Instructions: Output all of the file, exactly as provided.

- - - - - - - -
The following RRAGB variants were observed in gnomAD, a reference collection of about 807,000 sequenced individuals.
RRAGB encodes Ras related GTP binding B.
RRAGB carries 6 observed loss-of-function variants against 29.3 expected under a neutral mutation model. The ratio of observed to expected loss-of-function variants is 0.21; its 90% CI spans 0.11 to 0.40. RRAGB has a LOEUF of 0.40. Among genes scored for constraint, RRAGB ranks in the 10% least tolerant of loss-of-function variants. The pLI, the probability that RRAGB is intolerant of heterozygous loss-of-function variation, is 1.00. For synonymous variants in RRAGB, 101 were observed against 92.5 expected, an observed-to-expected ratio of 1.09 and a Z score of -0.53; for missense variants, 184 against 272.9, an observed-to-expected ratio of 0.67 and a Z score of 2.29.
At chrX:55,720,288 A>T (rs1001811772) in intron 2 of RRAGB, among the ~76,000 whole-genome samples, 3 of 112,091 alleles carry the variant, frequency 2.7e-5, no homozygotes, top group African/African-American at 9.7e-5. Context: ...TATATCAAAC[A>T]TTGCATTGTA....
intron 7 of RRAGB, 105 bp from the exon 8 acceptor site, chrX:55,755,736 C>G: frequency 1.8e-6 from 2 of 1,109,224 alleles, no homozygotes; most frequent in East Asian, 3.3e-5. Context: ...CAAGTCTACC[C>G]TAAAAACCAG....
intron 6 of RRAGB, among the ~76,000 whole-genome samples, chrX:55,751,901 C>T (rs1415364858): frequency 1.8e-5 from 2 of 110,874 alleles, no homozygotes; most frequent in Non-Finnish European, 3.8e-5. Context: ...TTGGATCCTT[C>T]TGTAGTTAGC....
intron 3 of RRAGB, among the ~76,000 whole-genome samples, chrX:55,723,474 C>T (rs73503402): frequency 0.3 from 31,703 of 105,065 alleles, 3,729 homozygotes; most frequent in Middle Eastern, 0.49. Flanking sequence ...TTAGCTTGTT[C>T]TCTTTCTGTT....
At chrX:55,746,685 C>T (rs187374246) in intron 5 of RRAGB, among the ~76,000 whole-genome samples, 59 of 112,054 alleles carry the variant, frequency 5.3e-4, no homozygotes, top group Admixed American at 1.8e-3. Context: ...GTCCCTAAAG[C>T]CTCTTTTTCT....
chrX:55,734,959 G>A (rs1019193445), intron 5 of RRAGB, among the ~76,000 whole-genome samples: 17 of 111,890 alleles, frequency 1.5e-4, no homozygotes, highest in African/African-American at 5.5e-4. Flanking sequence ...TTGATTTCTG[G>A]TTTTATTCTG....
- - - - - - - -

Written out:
The following RRAGB variants were observed in gnomAD, a reference collection of about 807,000 sequenced individuals.
RRAGB encodes Ras related GTP binding B.
RRAGB carries 6 observed loss-of-function variants against 29.3 expected under a neutral mutation model. The ratio of observed to expected loss-of-function variants is 0.21; its 90% CI spans 0.11 to 0.40. RRAGB has a LOEUF of 0.40. Among genes scored for constraint, RRAGB ranks in the 10% least tolerant of loss-of-function variants. The pLI, the probability that RRAGB is intolerant of heterozygous loss-of-function variation, is 1.00. For synonymous variants in RRAGB, 101 were observed against 92.5 expected, an observed-to-expected ratio of 1.09 and a Z score of -0.53; for missense variants, 184 against 272.9, an observed-to-expected ratio of 0.67 and a Z score of 2.29.
At chrX:55,720,288 A>T (rs1001811772) in intron 2 of RRAGB, among the ~76,000 whole-genome samples, 3 of 112,091 alleles carry the variant, frequency 2.7e-5, no homozygotes, top group African/African-American at 9.7e-5. Context: ...TATATCAAAC[A>T]TTGCATTGTA....
intron 7 of RRAGB, 105 bp from the exon 8 acceptor site, chrX:55,755,736 C>G: frequency 1.8e-6 from 2 of 1,109,224 alleles, no homozygotes; most frequent in East Asian, 3.3e-5. Context: ...CAAGTCTACC[C>G]TAAAAACCAG....
intron 6 of RRAGB, among the ~76,000 whole-genome samples, chrX:55,751,901 C>T (rs1415364858): frequency 1.8e-5 from 2 of 110,874 alleles, no homozygotes; most frequent in Non-Finnish European, 3.8e-5. Context: ...TTGGATCCTT[C>T]TGTAGTTAGC....
intron 3 of RRAGB, among the ~76,000 whole-genome samples, chrX:55,723,474 C>T (rs73503402): frequency 0.3 from 31,703 of 105,065 alleles, 3,729 homozygotes; most frequent in Middle Eastern, 0.49. Flanking sequence ...TTAGCTTGTT[C>T]TCTTTCTGTT....
At chrX:55,746,685 C>T (rs187374246) in intron 5 of RRAGB, among the ~76,000 whole-genome samples, 59 of 112,054 alleles carry the variant, frequency 5.3e-4, no homozygotes, top group Admixed American at 1.8e-3. Context: ...GTCCCTAAAG[C>T]CTCTTTTTCT....
chrX:55,734,959 G>A (rs1019193445), intron 5 of RRAGB, among the ~76,000 whole-genome samples: 17 of 111,890 alleles, frequency 1.5e-4, no homozygotes, highest in African/African-American at 5.5e-4. Flanking sequence ...TTGATTTCTG[G>A]TTTTATTCTG....